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Cohoon reported that 73 percent of the debris in Louisiana has been removed. This percentage, he said, is equivalent to the removal of more than 35 million cubic yards of debris. As wreckage is being removed and property owners are returning, demolition is beginning to ramp up. According to Cohoon, there are more than 200,000 damaged housing units. Contracts are currently in place with multiple services, and damaged homes are beginning to come down.
The levee system that was broken during the storms has been a nemesis to workers and residents trying to rebuild communities, although 200 miles of repairs are already complete. "We're repaired," said Cohoon. "We're not enhanced." This fact has made some residents wary of returning to their former homes permanently, and many of the outlying cities of the hardest hit areas have experienced an extreme population shift.
Once Katrina and Rita had passed, there were many speculations that generated skepticism and fear among residents and those watching the evening news. Most expected that demand surges would create shortages, however, according to Simonson this has yet to be witnessed. Construction plastics did go up because of interrupted natural gas supply, and oil prices affected diesel and asphalt prices temporarily due to port closure and blocked shipping passages.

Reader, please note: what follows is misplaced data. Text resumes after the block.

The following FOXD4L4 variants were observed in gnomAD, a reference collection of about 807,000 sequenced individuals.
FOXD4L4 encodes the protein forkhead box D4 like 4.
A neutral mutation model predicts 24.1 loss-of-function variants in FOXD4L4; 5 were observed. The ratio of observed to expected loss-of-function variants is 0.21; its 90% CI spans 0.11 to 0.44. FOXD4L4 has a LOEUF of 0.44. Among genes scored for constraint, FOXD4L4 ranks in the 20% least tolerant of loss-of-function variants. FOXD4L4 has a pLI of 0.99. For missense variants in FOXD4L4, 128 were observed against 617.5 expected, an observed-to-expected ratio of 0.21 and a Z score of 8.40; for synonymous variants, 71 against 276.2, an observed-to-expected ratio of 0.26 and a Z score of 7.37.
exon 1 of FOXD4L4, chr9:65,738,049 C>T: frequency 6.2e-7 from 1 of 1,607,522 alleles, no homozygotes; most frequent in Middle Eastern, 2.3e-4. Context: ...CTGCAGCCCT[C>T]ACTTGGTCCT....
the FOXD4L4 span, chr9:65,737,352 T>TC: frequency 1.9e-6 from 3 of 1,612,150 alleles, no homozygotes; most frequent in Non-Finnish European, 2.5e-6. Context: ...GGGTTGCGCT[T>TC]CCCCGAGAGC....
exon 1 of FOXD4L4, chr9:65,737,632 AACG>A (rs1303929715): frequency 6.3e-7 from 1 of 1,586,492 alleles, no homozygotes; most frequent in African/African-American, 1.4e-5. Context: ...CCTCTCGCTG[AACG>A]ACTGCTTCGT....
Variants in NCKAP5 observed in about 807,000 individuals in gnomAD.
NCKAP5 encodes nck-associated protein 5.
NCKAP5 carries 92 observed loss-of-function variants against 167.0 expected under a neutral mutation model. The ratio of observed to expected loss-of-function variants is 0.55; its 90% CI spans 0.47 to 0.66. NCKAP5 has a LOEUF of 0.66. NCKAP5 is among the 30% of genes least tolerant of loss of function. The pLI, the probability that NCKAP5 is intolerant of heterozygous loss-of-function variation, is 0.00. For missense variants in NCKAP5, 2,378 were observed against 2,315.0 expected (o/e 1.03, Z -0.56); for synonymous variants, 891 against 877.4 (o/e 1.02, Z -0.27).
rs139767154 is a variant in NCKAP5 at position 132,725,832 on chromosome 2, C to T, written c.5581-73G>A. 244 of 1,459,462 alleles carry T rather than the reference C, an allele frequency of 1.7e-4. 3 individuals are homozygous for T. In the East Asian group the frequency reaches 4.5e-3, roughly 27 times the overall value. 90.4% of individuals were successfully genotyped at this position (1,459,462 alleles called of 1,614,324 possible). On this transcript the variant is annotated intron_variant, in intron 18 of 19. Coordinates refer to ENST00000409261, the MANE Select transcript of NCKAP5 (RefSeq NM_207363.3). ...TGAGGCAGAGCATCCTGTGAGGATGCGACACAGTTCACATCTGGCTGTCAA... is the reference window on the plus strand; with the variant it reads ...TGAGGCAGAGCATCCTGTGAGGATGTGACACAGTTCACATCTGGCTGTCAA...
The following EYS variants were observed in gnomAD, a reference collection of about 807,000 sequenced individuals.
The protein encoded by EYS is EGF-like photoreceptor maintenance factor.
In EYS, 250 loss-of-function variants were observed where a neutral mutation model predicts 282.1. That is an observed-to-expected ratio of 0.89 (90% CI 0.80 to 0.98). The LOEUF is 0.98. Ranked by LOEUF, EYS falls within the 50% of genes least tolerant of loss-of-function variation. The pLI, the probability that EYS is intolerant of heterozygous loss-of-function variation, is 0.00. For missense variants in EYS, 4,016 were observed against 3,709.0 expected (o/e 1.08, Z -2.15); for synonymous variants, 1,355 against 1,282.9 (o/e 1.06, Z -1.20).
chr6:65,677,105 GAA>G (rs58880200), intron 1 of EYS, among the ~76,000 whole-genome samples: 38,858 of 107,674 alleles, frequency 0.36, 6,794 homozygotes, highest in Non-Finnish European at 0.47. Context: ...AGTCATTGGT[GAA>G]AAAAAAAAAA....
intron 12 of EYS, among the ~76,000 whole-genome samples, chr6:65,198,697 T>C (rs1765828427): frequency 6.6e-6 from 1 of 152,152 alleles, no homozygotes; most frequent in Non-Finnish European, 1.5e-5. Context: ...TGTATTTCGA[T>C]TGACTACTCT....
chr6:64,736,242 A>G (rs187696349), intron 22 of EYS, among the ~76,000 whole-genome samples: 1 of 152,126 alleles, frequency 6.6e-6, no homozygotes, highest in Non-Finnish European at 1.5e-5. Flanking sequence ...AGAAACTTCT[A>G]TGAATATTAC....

One of the biggest challenges the area faces, however, is "getting the material to the Katrina/Rita zone," said Simonson. According to Cohoon, there are no contractor shortages. Pre-Katrina licenses totaled 13,000. That number has grown to 19,000 licensed contractors in just under a year. There is a craft worker shortage though, and that is slowing things down. Another hampering factor the Gulf region faces is the ever-increasing prices.
The greatest issue is "getting the work done," noted Cohoon. "It was that way before Katrina and it is worse now."
To listen to the podcast, go to www.agc.org/podcast.
Publication date: 09/11/2006